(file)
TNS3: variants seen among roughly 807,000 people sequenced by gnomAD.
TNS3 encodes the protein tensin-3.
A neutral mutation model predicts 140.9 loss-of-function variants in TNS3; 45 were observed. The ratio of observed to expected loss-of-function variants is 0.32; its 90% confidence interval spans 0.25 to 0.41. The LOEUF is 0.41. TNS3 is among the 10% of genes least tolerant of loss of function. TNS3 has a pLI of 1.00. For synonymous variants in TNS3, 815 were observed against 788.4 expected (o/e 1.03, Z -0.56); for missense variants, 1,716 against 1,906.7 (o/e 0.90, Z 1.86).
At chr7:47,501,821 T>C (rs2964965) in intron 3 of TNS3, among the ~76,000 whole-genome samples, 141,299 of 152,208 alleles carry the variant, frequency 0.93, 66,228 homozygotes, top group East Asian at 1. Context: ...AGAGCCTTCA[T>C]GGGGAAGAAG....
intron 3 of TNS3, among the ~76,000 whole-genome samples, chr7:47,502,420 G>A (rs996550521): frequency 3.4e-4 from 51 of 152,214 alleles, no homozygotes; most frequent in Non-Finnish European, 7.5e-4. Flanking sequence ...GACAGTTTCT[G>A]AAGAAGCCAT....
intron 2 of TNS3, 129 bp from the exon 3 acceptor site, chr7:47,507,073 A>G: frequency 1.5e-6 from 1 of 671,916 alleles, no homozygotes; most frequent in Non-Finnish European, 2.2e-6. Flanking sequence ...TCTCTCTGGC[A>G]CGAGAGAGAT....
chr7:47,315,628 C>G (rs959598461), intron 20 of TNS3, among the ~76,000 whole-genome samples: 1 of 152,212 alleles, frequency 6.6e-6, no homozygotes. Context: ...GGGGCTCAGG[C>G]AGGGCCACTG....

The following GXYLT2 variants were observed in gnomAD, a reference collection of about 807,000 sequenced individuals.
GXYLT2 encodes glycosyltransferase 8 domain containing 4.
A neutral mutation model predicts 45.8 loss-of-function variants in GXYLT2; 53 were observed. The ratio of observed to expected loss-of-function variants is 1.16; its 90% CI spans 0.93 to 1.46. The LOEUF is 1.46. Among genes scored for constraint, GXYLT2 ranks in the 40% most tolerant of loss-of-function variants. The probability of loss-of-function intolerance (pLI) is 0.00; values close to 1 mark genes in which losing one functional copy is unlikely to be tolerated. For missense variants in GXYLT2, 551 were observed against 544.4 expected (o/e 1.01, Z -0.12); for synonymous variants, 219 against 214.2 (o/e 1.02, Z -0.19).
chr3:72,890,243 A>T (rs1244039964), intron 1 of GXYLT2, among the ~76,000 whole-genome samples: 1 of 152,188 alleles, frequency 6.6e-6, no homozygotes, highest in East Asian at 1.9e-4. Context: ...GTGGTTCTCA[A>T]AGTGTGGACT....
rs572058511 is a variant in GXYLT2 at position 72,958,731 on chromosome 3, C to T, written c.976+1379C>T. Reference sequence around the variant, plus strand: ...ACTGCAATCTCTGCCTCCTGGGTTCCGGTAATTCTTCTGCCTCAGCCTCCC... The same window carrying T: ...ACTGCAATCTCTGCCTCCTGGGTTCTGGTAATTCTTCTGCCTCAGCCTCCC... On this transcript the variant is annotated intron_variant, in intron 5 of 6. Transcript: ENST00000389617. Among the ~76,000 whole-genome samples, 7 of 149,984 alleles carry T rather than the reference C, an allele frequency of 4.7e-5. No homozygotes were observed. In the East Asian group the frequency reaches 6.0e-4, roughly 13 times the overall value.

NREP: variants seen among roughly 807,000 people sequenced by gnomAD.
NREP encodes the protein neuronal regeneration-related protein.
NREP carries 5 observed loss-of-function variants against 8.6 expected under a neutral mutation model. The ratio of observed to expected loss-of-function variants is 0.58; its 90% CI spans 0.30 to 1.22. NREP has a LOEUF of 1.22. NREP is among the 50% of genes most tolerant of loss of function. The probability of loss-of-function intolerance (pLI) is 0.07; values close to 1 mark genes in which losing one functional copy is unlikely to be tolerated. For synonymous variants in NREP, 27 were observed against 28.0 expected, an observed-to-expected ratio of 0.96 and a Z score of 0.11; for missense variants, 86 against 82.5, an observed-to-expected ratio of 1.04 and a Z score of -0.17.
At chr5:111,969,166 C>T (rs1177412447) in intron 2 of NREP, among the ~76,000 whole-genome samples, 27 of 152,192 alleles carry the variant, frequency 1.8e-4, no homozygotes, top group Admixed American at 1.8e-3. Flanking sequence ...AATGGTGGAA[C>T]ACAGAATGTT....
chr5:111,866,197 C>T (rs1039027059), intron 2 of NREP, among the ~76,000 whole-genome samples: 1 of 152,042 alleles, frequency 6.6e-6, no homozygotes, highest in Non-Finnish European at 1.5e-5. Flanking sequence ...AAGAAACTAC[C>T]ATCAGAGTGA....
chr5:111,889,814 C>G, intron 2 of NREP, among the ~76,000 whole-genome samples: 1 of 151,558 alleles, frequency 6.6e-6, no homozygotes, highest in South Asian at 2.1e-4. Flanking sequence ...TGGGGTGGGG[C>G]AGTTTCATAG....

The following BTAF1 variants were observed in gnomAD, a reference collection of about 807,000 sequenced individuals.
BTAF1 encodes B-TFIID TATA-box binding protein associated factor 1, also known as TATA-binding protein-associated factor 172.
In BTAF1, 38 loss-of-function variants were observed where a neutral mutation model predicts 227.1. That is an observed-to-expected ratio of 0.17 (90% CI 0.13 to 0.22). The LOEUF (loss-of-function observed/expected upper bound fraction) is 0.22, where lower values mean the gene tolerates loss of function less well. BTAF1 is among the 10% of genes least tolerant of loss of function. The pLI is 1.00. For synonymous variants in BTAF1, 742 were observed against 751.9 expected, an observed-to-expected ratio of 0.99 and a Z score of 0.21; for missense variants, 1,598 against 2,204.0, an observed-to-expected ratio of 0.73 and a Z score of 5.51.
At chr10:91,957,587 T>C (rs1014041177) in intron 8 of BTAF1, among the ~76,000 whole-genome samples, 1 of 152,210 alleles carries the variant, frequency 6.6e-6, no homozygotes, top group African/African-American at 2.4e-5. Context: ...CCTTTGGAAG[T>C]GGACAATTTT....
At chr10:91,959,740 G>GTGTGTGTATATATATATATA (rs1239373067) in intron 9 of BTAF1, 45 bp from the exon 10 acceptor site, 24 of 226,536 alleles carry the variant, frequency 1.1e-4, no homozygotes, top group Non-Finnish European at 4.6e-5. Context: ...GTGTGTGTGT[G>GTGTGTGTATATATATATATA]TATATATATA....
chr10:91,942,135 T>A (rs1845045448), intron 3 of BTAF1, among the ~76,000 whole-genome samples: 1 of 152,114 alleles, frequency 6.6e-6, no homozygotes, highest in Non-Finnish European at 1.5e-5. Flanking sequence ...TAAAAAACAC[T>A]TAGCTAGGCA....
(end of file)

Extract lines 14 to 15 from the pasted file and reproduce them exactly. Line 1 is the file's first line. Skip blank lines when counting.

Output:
NREP encodes the protein neuronal regeneration-related protein.
NREP carries 5 observed loss-of-function variants against 8.6 expected under a neutral mutation model. The ratio of observed to expected loss-of-function variants is 0.58; its 90% CI spans 0.30 to 1.22. NREP has a LOEUF of 1.22. NREP is among the 50% of genes most tolerant of loss of function. The probability of loss-of-function intolerance (pLI) is 0.07; values close to 1 mark genes in which losing one functional copy is unlikely to be tolerated. For synonymous variants in NREP, 27 were observed against 28.0 expected, an observed-to-expected ratio of 0.96 and a Z score of 0.11; for missense variants, 86 against 82.5, an observed-to-expected ratio of 1.04 and a Z score of -0.17.